Norwegian Cruise Line Holdings today reported financial results for the fourth quarter and full year ended December 31, 2020 and provided a business update.
“While 2020 has been without a doubt the most challenging year in the Company’s 50 plus year history, our team responded to the unprecedented environment with swift and decisive action. Our Company demonstrated once again its adaptability and resiliency, underscored by the unwavering commitment and dedication from our team members across the globe,” said Frank Del Rio, president and chief executive officer of Norwegian Cruise Line Holdings Ltd. “Looking ahead, we are encouraged by the accelerating rollout of vaccines, the progress towards herd immunity and the strong demand for future cruise vacations.”
Health and Safety
The company said it continues to work with its expert advisors, the Healthy Sail Panel, and global public health authorities and government agencies to refine its comprehensive and multi-layered health and safety strategy to enhance its health and safety standards in response to COVID-19.
Norwegian said it is continuously evaluating and identifying ways to improve these standards as science, technology and knowledge of SARS-CoV-2 advances including incorporating recent vaccine advancements into its overall strategy for the eventual return to service.
The company also said it continues to work through the requirements of the U.S. Centers for Disease Control and Prevention (“CDC”) after the issuance of the Framework for Conditional Sailing Order (the “Conditional Order”) which permits cruise ship passenger operations in U.S. waters under certain conditions. However, significant uncertainties remain regarding specific requirements of the Conditional Order including pending technical instructions from the CDC.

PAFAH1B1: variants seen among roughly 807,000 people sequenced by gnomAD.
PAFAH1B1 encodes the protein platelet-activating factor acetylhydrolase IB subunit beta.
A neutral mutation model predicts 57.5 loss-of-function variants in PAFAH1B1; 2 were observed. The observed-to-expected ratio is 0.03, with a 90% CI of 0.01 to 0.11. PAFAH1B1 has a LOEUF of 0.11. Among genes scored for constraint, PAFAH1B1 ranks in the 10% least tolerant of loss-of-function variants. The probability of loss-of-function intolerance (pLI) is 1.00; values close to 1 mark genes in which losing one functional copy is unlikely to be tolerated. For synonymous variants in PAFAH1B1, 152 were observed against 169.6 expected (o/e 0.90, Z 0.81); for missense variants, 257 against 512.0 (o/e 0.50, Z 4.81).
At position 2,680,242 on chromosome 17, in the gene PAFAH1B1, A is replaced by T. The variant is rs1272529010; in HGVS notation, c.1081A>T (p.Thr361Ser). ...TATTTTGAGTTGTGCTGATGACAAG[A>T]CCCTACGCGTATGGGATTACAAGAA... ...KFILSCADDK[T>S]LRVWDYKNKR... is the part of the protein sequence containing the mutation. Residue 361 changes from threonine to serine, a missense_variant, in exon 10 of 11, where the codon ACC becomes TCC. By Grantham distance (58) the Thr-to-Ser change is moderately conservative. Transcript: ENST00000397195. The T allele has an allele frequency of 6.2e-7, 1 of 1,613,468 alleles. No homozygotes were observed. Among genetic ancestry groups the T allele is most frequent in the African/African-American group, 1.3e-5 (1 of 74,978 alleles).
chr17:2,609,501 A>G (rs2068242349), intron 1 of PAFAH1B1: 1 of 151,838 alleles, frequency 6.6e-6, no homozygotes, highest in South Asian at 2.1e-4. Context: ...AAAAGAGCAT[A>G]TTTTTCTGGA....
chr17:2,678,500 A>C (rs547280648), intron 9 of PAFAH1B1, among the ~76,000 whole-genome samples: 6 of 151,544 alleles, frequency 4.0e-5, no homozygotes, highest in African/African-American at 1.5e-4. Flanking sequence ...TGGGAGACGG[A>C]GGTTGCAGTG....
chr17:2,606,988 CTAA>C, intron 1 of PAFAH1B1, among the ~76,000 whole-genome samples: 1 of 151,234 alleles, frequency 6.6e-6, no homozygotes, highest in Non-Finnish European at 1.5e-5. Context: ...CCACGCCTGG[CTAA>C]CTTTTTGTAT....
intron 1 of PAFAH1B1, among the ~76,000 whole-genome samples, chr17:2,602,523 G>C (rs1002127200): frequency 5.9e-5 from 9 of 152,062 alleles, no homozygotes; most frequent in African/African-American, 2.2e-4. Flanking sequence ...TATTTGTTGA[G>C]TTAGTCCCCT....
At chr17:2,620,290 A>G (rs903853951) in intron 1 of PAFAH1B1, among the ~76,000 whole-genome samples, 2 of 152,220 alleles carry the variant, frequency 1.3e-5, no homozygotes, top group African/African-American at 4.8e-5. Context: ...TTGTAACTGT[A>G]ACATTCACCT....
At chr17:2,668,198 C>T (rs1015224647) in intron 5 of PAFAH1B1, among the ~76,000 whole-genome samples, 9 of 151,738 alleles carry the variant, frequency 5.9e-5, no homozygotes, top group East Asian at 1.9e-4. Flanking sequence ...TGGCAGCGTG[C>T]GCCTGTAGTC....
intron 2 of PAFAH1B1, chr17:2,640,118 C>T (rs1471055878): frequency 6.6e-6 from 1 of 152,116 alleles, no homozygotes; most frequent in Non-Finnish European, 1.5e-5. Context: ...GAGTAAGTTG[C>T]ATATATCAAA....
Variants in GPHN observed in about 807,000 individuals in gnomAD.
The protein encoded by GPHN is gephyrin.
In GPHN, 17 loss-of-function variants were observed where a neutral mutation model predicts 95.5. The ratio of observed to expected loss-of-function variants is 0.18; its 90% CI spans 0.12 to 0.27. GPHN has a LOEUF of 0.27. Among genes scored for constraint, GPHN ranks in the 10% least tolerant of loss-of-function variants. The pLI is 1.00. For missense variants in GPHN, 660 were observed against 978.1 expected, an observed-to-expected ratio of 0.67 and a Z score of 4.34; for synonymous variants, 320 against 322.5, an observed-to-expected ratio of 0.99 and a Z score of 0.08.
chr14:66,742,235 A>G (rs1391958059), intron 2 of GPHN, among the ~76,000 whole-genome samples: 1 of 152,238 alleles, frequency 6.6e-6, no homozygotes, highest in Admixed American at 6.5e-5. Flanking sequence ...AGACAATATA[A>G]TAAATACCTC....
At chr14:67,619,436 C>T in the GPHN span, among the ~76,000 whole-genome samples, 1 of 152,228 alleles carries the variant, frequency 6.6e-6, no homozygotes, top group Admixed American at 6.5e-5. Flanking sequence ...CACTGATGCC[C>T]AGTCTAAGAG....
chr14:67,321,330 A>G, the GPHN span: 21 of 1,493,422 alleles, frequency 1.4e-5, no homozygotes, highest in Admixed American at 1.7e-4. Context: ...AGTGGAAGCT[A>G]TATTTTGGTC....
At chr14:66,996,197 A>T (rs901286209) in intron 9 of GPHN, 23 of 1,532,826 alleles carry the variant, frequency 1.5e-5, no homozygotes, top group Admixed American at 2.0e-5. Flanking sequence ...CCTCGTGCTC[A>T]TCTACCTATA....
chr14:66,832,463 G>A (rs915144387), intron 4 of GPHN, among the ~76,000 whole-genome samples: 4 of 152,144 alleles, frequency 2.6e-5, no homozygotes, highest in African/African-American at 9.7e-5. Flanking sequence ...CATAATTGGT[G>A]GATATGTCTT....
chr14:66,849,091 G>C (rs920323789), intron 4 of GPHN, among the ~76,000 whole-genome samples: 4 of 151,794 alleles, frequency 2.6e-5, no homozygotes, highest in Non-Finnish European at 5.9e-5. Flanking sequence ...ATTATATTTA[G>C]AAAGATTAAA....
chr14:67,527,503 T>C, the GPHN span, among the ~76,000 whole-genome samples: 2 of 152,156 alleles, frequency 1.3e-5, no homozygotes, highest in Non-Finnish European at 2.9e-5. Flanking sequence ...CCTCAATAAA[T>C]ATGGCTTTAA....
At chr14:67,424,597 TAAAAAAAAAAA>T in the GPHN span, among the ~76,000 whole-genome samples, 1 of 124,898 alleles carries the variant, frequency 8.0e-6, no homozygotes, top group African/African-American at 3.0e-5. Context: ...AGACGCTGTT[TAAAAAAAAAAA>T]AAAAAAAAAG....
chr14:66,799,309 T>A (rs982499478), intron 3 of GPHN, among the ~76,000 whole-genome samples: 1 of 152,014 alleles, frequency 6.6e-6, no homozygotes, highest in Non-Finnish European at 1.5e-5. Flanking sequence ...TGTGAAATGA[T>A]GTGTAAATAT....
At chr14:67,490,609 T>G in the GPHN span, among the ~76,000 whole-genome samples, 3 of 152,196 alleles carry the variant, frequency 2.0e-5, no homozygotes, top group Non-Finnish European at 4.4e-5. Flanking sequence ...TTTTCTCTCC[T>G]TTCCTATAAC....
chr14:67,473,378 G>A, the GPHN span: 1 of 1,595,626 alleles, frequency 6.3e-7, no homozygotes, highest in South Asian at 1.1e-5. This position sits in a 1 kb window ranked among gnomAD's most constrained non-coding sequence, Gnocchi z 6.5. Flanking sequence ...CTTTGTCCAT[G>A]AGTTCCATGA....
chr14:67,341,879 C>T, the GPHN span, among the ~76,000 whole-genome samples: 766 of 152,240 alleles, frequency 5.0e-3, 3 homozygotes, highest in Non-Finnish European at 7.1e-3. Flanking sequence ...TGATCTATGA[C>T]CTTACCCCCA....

Booking Environment and Outlook
While overall booking volumes since the emergence of the COVID-19 global pandemic remain below historical levels, there continues to be demand for future cruise vacations, according to a statement.
Despite reduced sales and marketing investments, and a travel agency industry that has not been at full strength for months, bookings have been strong for future periods resulting in an elongated booking window as guests book further into the future.
The company’s overall cumulative booked position for the second half of 2021 remains below historical levels, driven by continued uncertainty around timing of the resumption of cruising and the shift of limited marketing investments to 2022 sailings. Pricing for the second half of 2021 is in line with pre-pandemic levels, even after including the dilutive impact of future cruise credits (“FCC”).